On this day in science history: 29 November

From the days of ancient technology to modern science - find out what happened on this day in the history of science.

29th November 2017
Warning label from a pharmacy bottle of 'Tincture Iodine', early twentieth century © Buyenlarge/Getty Images

Warning label from a pharmacy bottle of 'Tincture Iodine', early twentieth century © Buyenlarge/Getty Images

1813 – the discovery of iodine announced

Charles Bernard Desormes and Nicolas Clément declare the existence of a new element, iodine, at a meeting of the Imperial Institute of France. It was about two years prior to this publication that Bernard Courtois first inadvertently discovered iodine while yielding potassium nitrate from the ashes of seaweed for the production of gunpowder.

Alas, Courtois did not receive financial reward for his achievement until he had descended into poverty, and died before he could witness the impact of his breakthrough.

Now, iodine is recognised as for its numerous health benefits which include prevention of goitre, treatment of radiation exposure and female reproductive wellbeing.

1961 – launch of the first animal to orbit Earth

Enos the chimpanzee © Bettmann/Getty
Enos the chimpanzee © Bettmann/Getty

After 16 months of intensive preparation, an intrepid chimpanzee named Enos embarks on a space mission to orbit Earth. Enos became the second chimpanzee to enter space when NASA launched the Mercury Atlas 5. While aboard the orbiting aircraft, Enos completed a range of physical and psychological tasks to assess whether his mind and body remained functional in space.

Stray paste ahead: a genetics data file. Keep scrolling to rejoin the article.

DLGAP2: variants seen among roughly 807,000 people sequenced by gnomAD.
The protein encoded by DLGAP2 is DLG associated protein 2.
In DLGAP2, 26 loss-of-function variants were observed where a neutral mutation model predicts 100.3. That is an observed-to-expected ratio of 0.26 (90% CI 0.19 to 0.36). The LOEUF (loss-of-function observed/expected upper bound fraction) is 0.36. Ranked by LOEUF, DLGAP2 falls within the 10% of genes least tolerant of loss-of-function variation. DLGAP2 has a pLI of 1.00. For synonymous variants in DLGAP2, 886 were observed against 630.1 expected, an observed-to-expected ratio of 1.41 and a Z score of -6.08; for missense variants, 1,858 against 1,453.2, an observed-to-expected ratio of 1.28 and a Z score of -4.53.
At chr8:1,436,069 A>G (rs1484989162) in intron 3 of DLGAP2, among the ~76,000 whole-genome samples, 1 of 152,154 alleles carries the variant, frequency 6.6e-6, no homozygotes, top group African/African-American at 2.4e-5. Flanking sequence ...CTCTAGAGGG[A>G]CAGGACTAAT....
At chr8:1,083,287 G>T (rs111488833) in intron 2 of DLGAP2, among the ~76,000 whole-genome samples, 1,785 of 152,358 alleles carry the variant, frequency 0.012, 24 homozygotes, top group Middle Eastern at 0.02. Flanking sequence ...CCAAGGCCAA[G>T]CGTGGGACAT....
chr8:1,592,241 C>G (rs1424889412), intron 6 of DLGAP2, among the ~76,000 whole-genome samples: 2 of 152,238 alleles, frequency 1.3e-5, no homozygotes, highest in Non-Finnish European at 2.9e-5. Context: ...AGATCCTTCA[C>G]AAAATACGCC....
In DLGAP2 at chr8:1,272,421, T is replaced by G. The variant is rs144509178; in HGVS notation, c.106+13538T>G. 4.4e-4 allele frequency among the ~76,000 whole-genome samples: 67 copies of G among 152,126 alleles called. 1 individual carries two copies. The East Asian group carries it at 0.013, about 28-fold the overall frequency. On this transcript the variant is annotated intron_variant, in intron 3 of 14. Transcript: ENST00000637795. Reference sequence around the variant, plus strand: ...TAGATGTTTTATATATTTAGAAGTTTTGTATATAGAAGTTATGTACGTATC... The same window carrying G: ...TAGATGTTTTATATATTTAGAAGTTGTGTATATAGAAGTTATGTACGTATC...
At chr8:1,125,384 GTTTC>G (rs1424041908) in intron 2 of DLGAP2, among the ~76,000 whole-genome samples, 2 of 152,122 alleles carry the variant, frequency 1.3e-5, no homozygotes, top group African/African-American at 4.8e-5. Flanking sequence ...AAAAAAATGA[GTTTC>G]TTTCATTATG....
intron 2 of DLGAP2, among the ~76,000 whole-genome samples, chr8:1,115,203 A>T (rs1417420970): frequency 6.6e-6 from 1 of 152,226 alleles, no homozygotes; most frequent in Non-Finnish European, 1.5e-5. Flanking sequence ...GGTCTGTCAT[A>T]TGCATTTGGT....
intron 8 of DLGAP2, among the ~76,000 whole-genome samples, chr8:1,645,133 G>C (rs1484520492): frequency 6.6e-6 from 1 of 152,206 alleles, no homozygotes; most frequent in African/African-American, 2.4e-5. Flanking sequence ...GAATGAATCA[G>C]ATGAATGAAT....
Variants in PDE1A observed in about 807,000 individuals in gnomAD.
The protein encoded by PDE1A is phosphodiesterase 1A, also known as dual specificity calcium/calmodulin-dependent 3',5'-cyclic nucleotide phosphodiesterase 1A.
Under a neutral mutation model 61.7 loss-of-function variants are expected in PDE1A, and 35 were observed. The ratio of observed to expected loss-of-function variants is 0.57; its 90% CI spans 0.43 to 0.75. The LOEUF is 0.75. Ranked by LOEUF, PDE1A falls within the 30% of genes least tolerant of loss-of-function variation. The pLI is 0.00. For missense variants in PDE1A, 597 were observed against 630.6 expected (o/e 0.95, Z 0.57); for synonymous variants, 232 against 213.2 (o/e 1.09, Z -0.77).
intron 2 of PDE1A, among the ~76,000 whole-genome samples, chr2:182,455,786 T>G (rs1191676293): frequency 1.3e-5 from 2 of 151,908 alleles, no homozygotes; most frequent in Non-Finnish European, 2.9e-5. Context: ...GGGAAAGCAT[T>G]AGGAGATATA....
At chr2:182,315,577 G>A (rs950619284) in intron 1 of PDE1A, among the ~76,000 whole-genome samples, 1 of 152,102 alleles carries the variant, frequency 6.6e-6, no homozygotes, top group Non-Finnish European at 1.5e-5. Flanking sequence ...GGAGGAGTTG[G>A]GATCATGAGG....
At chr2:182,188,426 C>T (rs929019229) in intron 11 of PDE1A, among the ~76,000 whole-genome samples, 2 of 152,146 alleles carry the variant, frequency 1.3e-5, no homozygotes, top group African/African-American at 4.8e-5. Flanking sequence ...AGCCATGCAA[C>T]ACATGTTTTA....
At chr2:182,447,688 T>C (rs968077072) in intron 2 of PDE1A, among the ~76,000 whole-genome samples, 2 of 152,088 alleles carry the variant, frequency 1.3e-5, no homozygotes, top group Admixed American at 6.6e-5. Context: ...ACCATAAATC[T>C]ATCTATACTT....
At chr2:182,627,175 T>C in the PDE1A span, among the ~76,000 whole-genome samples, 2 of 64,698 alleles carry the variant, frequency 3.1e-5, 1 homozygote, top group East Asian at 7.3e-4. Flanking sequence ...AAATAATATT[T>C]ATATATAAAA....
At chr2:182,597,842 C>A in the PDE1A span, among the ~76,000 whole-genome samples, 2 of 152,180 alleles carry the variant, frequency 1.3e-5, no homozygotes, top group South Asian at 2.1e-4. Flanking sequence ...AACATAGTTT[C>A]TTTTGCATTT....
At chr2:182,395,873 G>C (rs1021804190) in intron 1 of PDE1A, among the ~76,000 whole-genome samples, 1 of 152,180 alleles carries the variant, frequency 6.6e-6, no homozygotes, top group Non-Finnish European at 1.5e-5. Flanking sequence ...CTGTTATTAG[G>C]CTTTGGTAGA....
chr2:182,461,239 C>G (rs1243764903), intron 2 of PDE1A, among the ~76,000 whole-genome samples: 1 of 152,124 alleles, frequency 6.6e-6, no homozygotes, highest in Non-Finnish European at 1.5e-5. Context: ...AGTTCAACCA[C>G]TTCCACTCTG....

Despite an electrical malfunction of the testing equipment which subjected Enos to 76 electric shocks and temperatures exceeding 35 degrees Centigrade, the determined chimp endured the ordeal, successfully completing his mission and returning to Earth alive.

Just three months after this experimental flight, John Glenn was propelled into Earth’s orbit, becoming the first American human to do so.

1972 – Atari releases Pong

An Atari Super Pong retro games console is seen at the event and entertainment area at the 2014 Gamescom gaming trade fair © Sascha Steinbach/Getty Images
An Atari Super Pong retro games console is seen at the event and entertainment area at the 2014 Gamescom gaming trade fair © Sascha Steinbach/Getty Image

Developed by Allan Alcorn, Pong was loosely based around table tennis and involved passing a virtual ball between two mobile platforms, competing against a fellow player or computerised opponent to reach 11 points and claim victory. The graphics were basic, monochrome and two-dimensional, but the game was a huge success and was later developed into various sequels. The arcade game was so popular that Atari released a household edition of Pong, selling 150,000 copies and dominating the 1975 Christmas market. Countless imitations of Pong were manufactured globally, initiating the video game industry which is currently worth in excess of a mammoth $100 billion.

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